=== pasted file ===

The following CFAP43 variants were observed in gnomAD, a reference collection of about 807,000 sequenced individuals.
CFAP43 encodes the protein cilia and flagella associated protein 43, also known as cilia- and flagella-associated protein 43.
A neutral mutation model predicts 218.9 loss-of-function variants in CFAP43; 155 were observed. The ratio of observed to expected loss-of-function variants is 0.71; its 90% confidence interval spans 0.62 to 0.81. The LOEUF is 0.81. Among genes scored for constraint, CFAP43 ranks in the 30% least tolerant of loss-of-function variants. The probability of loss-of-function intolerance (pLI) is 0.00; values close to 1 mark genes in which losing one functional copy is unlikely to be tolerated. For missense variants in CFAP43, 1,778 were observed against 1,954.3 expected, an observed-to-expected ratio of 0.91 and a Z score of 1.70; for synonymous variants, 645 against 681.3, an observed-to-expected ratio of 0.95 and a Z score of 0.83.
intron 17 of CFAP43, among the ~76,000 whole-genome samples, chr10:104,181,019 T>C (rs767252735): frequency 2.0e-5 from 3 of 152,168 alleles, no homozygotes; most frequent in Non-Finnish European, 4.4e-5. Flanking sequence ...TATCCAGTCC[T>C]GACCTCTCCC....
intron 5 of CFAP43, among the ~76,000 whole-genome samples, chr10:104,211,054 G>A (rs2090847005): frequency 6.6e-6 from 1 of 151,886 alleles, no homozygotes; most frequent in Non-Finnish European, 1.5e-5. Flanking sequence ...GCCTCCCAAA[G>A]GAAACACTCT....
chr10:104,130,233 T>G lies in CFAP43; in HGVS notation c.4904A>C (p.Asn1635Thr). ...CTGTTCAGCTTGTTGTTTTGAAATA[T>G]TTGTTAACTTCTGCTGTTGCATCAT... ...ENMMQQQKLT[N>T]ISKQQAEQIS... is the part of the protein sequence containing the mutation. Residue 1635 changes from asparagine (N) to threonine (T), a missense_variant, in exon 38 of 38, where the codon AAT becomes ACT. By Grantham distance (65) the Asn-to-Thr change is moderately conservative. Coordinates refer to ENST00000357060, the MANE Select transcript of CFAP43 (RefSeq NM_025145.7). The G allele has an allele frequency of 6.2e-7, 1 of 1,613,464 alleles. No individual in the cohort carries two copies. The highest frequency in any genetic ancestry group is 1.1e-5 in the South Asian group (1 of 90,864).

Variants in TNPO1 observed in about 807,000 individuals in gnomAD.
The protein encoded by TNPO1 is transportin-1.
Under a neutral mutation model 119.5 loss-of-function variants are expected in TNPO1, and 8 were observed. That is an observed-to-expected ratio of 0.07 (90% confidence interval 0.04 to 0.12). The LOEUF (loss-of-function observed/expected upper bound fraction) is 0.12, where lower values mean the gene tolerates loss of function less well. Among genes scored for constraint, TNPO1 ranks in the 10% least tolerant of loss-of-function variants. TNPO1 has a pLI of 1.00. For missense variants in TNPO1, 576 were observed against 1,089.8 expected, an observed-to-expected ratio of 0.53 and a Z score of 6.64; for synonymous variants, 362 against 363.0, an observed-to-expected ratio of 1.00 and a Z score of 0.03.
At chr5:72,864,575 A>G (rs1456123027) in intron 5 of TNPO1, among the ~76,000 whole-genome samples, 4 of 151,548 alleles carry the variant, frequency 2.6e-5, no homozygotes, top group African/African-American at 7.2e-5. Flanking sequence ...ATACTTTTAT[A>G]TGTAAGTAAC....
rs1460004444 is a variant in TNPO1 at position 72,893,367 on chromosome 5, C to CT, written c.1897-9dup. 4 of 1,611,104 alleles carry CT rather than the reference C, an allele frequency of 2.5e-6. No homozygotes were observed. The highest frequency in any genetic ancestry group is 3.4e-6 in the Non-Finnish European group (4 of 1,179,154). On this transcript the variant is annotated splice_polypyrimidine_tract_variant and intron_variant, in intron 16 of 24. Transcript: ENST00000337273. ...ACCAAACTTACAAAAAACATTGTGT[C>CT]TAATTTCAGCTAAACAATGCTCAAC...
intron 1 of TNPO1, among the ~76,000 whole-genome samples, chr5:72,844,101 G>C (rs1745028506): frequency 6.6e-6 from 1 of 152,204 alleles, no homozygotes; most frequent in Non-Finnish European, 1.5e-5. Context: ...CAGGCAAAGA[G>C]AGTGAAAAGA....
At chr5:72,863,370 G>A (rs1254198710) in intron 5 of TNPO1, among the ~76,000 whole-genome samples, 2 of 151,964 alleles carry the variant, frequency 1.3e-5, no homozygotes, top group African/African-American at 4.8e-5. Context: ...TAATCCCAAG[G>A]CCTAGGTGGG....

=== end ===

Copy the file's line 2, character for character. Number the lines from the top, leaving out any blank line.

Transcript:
CFAP43 encodes the protein cilia and flagella associated protein 43, also known as cilia- and flagella-associated protein 43.